We do not know, we cannot imagine or picture what is out here until we see and do it for ourselves. Steinbeck knew it. So did Kerouac. It’s one thing to read American history or newspaper accounts of the towns and cities. And hearing stories from other travelers helps. But there’s no way to know America without going out to find it. I thought I was missing out on some of what Steinbeck found because I was not making more of an effort to talk to the people, to get a feel for “local color.” Then I remembered that, in many places, I’m staying with them. Laura's family and their friends in Maryland, Jen in Texas, Courtenay and her folks in Arizona, and Jeff and Karen here. The gas stations in Georgia and Mississippi had characters, as well as Ft. Stockton, Silver City (esp. the museum), Mesa (oh boy!) and these California beach towns. At school, I met people from all over America, and I got a slight sense for what people are like in different areas. But you don’t really know someone, you don’t really see what they’re — or their neighbors — are like, until you visit them in their environment, until you go to their homes, see their families, drive past their schools. Then you know. I’ve seen desert and city folk; residents and tourists. I don’t think I have anything to worry about. I would like to have three months and Rocinante, but I don’t have that time, or money, yet. But maybe someday, I’ll get what I need — time, dog, money, supplies — and retrace Steinbeck’s American odyssey. I might be able to find much of what he did, in the next century.

Cold coastal evening,
Wind causing old man to shake,
Forget it's July

Walk among the stars
They lie beneath your feet here
On Hollywood Streets

FRIDAY, JULY 24, REDONDO BEACH — Oh man — Steven Speilberg has done it again. I can’t let this pass — I’ve got to write before I go to bed. But my right hand is weak — almost shaking the way Tom Hanks’ was in Saving Private Ryan. Never have I seen a war movie so damn successful at turning people off to war. This was better than Apocalypse Now or the other Vietnam movies — Born on the Fourth of July. It was something no other director could’ve done. It showed the utter brutality of combat and what it’s like to be in the middle of something so crazy. What Speilberg did was bring back to life a part of history our generations could never have seen so close to authentically. World War II needed to be fought; there was no other way to stop Hitler. But to see something like this — it sure makes you wonder. What is it good for?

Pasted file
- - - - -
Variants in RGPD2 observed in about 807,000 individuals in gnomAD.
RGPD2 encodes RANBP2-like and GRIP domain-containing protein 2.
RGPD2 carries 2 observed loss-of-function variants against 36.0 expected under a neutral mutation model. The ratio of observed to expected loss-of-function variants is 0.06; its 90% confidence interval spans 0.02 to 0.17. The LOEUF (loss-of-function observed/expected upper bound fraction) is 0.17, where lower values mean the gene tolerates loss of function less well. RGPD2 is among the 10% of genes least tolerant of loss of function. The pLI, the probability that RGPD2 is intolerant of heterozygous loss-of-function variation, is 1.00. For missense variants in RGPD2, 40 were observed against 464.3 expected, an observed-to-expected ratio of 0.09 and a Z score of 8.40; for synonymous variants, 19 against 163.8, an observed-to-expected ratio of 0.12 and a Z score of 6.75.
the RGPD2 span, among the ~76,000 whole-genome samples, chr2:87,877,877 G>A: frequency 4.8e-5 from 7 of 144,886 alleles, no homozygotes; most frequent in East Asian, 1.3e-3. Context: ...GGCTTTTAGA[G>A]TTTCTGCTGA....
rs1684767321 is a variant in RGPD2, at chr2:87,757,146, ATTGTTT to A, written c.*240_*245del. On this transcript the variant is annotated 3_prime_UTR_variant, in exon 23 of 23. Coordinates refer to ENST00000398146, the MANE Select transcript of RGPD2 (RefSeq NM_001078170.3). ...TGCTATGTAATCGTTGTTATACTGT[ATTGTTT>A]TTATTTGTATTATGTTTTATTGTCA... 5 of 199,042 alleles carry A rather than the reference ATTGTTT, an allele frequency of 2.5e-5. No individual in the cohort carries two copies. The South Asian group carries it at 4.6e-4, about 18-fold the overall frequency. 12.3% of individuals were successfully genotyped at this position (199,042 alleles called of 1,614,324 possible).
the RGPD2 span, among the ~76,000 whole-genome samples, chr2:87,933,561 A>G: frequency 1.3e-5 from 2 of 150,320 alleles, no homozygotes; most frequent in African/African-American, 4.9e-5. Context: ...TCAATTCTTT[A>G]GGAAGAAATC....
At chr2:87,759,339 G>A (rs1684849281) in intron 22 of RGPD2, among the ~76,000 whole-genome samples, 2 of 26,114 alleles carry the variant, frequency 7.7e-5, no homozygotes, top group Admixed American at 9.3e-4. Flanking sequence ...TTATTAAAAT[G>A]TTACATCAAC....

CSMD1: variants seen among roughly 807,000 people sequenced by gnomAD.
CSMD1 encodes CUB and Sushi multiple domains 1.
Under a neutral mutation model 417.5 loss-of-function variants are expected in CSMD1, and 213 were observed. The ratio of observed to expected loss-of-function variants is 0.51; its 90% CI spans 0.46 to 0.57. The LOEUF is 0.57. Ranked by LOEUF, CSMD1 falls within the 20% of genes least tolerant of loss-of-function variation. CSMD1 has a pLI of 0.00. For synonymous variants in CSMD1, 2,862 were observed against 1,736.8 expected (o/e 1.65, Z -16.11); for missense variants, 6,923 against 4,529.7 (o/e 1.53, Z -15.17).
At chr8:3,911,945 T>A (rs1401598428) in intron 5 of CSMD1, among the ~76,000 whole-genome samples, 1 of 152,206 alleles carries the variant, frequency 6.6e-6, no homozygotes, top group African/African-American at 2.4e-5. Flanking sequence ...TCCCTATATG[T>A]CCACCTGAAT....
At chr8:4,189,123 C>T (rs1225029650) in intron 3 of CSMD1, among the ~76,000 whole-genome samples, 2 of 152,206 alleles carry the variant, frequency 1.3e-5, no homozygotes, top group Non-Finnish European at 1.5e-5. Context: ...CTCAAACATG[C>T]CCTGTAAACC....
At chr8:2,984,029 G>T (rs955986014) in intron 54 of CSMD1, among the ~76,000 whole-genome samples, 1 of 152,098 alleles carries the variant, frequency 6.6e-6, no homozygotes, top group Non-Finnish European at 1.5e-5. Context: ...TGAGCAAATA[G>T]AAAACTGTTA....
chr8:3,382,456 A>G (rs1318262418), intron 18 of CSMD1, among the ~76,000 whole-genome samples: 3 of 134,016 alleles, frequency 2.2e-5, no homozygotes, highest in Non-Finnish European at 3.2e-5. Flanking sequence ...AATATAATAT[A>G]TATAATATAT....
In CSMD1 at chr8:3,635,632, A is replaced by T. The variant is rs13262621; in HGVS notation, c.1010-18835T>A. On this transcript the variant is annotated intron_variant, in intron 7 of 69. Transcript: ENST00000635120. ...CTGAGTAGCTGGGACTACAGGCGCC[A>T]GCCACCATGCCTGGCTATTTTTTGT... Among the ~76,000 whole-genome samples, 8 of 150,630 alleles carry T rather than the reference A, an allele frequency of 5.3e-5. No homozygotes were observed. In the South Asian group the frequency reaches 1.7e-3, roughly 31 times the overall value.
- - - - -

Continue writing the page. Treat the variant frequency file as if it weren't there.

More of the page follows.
So that was my first opening night screening in the area movies come from — Southern California. I think that wonderful pen of mine has finished its career.

Today was a movie-filled day. Jeff arrived about 10:15 and we went to Universal Studios. There we headed straight to the tram and passed through where EdTV and Man On The Moon were filming — Ron Howard, Matthew McConaghey, Jim Carrey. Let’s see — bits from the , backlot: The Jaws pool was Cabot Cove from Murder She Wrote, and the fisherman was Kenny, according to our tour guide; Leave It To Beaver house was Elisha Wood’s in Deep Impact; those various western and Mexican streets were in City Slickers, Three Amigos, Caroline In The City; I’m sure (it’s one of the options when seeing taping); saw street I recognized from Batman movies (also in Dr. Doolittle); saw Penny Marshall’s parking space. There are probably plenty of other things but I don’t remember them now. Maybe the photos will refresh my memory.